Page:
Hamlet (Oregon)

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A hamlet is a model of local governance in Clackamas County in the U.S. state of Oregon. Like hamlets elsewhere, it is a county subdivision; like New York's hamlets, the definition is unique to a state (in this case, to one county in a state).

Hamlets in Oregon are in addition to villages in Oregon (which were defined at the same time as hamlets) and to Community Planning Organizations (CPOs), which predate both hamlets and villages.

To date, there are four hamlets: Beavercreek, Molalla Prairie, Mulino, and Stafford.[1]


For purposes of the laws related to hamlets and villages, a "citizen" means either

  • a resident who is 18 years or older living within the boundaries of a hamlet or village, or
  • a non-resident who owns property or a business there.

According to Chapter 2.10 of the Clackamas County Code, a hamlet is

an unincorporated area that is an organized forum for citizens to express issues of concern, prioritize activities, and coordinate community-based activities, as may be approved by the Board of County Commissioners (BCC). A hamlet is financed primarily through contributions and fundraising activities.
Hamlets are represented by an elected hamlet Board, according to procedures set forth in citizen-approved bylaws that also have been approved by the BCC. A hamlet may assume the functions of a CPO upon agreement of the existing CPO, hamlet, and BCC. Upon approval of the BCC, a hamlet may also establish relationships with neighboring jurisdictions or organizations through Memoranda of Understanding. The County may, on behalf of a hamlet, enter into an Intergovernmental Agreement with other governments. Hamlets are not direct providers of services and are not empowered to generate taxes or fees.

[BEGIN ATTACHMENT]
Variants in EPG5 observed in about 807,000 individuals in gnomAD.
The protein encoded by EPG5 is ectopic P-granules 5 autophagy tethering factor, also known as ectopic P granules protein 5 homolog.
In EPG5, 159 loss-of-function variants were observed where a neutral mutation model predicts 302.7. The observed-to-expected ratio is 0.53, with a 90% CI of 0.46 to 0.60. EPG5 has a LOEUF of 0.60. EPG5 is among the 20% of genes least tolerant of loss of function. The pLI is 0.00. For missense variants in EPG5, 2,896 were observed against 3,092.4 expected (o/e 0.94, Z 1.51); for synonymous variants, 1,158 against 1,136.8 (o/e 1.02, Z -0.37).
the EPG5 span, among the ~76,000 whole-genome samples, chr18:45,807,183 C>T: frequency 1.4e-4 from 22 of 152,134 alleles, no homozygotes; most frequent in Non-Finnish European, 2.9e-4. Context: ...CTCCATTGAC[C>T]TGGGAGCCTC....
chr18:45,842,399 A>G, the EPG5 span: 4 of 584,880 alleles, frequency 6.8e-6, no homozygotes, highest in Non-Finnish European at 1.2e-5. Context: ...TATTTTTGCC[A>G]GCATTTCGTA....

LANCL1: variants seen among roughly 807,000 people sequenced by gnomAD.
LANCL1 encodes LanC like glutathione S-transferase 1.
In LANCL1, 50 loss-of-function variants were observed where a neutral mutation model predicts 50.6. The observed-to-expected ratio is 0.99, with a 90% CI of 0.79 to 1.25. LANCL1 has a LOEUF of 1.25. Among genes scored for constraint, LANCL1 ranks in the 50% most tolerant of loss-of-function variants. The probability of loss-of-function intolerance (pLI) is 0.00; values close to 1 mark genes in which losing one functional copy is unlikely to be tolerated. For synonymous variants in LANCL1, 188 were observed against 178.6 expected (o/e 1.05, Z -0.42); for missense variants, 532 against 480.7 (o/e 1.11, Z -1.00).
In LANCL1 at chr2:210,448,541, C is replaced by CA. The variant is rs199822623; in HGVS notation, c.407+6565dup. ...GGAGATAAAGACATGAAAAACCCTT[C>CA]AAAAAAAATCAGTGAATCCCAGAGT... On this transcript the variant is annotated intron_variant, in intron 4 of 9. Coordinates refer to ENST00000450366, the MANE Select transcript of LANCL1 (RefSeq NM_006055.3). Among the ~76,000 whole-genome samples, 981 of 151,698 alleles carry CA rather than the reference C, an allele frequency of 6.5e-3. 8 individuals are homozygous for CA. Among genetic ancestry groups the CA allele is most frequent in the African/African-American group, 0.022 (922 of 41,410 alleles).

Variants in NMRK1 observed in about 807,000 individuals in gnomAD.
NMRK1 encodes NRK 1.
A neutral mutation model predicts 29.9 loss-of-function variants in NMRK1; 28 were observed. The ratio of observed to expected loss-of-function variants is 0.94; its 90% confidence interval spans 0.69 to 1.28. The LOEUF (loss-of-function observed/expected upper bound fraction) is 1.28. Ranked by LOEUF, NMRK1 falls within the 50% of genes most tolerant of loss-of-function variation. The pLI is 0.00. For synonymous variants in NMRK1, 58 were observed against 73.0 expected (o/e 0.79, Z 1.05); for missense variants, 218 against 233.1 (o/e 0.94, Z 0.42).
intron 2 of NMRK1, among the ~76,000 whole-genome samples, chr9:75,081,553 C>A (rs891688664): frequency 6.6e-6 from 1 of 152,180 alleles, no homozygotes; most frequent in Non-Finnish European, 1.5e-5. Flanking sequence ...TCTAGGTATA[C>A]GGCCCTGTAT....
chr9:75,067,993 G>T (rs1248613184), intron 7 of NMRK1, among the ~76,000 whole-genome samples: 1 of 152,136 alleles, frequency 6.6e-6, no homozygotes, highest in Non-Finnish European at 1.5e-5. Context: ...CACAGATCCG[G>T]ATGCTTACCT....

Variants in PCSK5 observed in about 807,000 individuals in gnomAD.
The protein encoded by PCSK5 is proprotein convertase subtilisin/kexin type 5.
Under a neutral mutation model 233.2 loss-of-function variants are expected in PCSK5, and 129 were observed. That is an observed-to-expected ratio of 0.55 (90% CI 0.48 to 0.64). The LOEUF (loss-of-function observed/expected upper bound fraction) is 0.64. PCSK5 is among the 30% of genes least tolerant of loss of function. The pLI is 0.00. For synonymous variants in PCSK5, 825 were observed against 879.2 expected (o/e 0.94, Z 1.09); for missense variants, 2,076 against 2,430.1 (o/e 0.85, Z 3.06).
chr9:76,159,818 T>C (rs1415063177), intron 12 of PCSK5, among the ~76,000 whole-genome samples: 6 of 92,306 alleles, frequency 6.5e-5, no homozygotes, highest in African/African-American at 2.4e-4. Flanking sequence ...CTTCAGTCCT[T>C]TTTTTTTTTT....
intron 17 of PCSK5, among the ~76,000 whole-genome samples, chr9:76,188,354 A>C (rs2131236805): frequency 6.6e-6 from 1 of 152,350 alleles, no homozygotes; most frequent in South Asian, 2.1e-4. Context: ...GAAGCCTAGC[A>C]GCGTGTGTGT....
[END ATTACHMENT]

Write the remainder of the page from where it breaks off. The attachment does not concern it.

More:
A hamlet's boundaries cannot overlap the boundaries of another hamlet, village or city.


To establish a hamlet, a chief petitioner is responsible to collect the required number of citizen signatures and complete a hamlet application form within 120 days. The petition:

must be signed by at least 10% of the citizens located within the proposed hamlet boundary or 100 citizens, whichever is the lesser number, and
shall state the proposed name, preliminary purpose, boundaries, number of Board members, and activities for the hamlet.

A public hearing is then held, with a defined method of public notice beforehand. The BCC can then approve the petition as is, approve it with modifications, or reject it.

If approved, within thirty days an organizational meeting must be held by the hamlet's citizens. The purpose of the meeting is to establish a list of candidates for the hamlet's Board. That list must also be approved by the BCC; once approved, the citizen's meet again, to vote on their board.

Once elected, the Board defines the hamlet's bylaws, which must also be approved by its citizens and the BCC. The Board also defines a hamlet's plan, which defines the activities to be undertaken by the hamlet, and which, like the bylaws, must be approved by its citizens and the BCC.

The ordinance defining hamlets defines similar processes for other aspects of hamlets, such as their dissolution. In particular, Board members acting within their authority as defined by bylaws and county policy are treated as agents of the county for claims made against the organization, officer or member for the purposes of the Oregon Tort Claims Act.

See also[edit]


  1. ^ "Complete Communities". Clackamas County. Archived from the original on May 7, 2010. Retrieved May 26, 2010.
  • Gragg, Randy (May 11, 2007). "It Takes a Village to Raise a Voice". The Oregonian. pp. B1, B5.

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